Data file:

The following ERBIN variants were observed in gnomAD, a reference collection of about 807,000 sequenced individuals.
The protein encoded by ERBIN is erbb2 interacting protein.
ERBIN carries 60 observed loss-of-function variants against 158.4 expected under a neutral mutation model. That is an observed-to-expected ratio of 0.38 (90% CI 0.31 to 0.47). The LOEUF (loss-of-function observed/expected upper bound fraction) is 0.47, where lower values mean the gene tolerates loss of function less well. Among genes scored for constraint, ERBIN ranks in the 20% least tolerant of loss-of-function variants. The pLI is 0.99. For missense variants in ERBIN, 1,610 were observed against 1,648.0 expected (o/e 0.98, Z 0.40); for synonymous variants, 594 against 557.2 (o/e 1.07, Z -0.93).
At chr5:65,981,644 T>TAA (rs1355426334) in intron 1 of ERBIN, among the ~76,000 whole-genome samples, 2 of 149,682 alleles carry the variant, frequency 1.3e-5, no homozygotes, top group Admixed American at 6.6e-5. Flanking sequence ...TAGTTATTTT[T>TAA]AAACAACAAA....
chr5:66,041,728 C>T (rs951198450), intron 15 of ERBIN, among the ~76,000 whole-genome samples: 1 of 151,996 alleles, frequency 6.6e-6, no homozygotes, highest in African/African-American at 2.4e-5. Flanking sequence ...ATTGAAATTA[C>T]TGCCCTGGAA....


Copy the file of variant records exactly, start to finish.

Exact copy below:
The following ERBIN variants were observed in gnomAD, a reference collection of about 807,000 sequenced individuals.
The protein encoded by ERBIN is erbb2 interacting protein.
ERBIN carries 60 observed loss-of-function variants against 158.4 expected under a neutral mutation model. That is an observed-to-expected ratio of 0.38 (90% CI 0.31 to 0.47). The LOEUF (loss-of-function observed/expected upper bound fraction) is 0.47, where lower values mean the gene tolerates loss of function less well. Among genes scored for constraint, ERBIN ranks in the 20% least tolerant of loss-of-function variants. The pLI is 0.99. For missense variants in ERBIN, 1,610 were observed against 1,648.0 expected (o/e 0.98, Z 0.40); for synonymous variants, 594 against 557.2 (o/e 1.07, Z -0.93).
At chr5:65,981,644 T>TAA (rs1355426334) in intron 1 of ERBIN, among the ~76,000 whole-genome samples, 2 of 149,682 alleles carry the variant, frequency 1.3e-5, no homozygotes, top group Admixed American at 6.6e-5. Flanking sequence ...TAGTTATTTT[T>TAA]AAACAACAAA....
chr5:66,041,728 C>T (rs951198450), intron 15 of ERBIN, among the ~76,000 whole-genome samples: 1 of 151,996 alleles, frequency 6.6e-6, no homozygotes, highest in African/African-American at 2.4e-5. Flanking sequence ...ATTGAAATTA[C>T]TGCCCTGGAA....